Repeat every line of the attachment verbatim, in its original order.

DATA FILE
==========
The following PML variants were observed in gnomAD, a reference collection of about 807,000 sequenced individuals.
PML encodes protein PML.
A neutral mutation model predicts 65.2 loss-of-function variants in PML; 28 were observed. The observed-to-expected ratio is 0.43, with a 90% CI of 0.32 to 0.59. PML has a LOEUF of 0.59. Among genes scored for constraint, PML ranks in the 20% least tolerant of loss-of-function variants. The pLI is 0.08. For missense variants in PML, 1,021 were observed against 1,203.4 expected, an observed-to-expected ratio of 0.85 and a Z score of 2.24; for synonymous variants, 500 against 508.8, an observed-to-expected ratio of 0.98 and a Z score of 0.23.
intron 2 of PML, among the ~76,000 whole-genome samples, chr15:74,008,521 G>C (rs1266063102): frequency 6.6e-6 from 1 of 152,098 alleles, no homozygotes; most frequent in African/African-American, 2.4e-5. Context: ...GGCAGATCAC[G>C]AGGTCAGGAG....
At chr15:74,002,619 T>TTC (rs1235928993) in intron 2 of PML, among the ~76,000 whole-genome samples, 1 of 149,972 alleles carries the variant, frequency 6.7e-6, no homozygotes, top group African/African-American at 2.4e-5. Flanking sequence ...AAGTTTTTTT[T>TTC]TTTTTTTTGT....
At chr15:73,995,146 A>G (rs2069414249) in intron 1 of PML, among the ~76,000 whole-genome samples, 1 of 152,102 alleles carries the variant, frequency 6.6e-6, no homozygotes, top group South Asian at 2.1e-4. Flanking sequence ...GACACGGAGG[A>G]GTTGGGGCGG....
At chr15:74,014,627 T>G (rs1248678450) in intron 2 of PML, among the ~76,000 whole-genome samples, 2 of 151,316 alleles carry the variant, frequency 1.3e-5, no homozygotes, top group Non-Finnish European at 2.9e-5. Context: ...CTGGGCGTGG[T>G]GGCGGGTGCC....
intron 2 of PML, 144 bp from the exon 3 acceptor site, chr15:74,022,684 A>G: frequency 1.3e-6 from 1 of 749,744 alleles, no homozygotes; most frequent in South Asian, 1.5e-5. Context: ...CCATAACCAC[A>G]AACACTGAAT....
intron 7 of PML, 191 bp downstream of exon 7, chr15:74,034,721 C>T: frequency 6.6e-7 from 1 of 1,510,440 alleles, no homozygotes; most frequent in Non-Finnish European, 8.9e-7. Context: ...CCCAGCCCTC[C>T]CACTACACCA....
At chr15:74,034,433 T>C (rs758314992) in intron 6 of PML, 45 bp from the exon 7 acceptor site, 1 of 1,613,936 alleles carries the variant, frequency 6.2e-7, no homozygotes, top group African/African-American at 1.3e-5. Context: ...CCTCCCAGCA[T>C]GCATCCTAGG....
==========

The following PML variants were observed in gnomAD, a reference collection of about 807,000 sequenced individuals.
PML encodes protein PML.
A neutral mutation model predicts 65.2 loss-of-function variants in PML; 28 were observed. The observed-to-expected ratio is 0.43, with a 90% CI of 0.32 to 0.59. PML has a LOEUF of 0.59. Among genes scored for constraint, PML ranks in the 20% least tolerant of loss-of-function variants. The pLI is 0.08. For missense variants in PML, 1,021 were observed against 1,203.4 expected, an observed-to-expected ratio of 0.85 and a Z score of 2.24; for synonymous variants, 500 against 508.8, an observed-to-expected ratio of 0.98 and a Z score of 0.23.
intron 2 of PML, among the ~76,000 whole-genome samples, chr15:74,008,521 G>C (rs1266063102): frequency 6.6e-6 from 1 of 152,098 alleles, no homozygotes; most frequent in African/African-American, 2.4e-5. Context: ...GGCAGATCAC[G>C]AGGTCAGGAG....
At chr15:74,002,619 T>TTC (rs1235928993) in intron 2 of PML, among the ~76,000 whole-genome samples, 1 of 149,972 alleles carries the variant, frequency 6.7e-6, no homozygotes, top group African/African-American at 2.4e-5. Flanking sequence ...AAGTTTTTTT[T>TTC]TTTTTTTTGT....
At chr15:73,995,146 A>G (rs2069414249) in intron 1 of PML, among the ~76,000 whole-genome samples, 1 of 152,102 alleles carries the variant, frequency 6.6e-6, no homozygotes, top group South Asian at 2.1e-4. Flanking sequence ...GACACGGAGG[A>G]GTTGGGGCGG....
At chr15:74,014,627 T>G (rs1248678450) in intron 2 of PML, among the ~76,000 whole-genome samples, 2 of 151,316 alleles carry the variant, frequency 1.3e-5, no homozygotes, top group Non-Finnish European at 2.9e-5. Context: ...CTGGGCGTGG[T>G]GGCGGGTGCC....
intron 2 of PML, 144 bp from the exon 3 acceptor site, chr15:74,022,684 A>G: frequency 1.3e-6 from 1 of 749,744 alleles, no homozygotes; most frequent in South Asian, 1.5e-5. Context: ...CCATAACCAC[A>G]AACACTGAAT....
intron 7 of PML, 191 bp downstream of exon 7, chr15:74,034,721 C>T: frequency 6.6e-7 from 1 of 1,510,440 alleles, no homozygotes; most frequent in Non-Finnish European, 8.9e-7. Context: ...CCCAGCCCTC[C>T]CACTACACCA....
At chr15:74,034,433 T>C (rs758314992) in intron 6 of PML, 45 bp from the exon 7 acceptor site, 1 of 1,613,936 alleles carries the variant, frequency 6.2e-7, no homozygotes, top group African/African-American at 1.3e-5. Context: ...CCTCCCAGCA[T>C]GCATCCTAGG....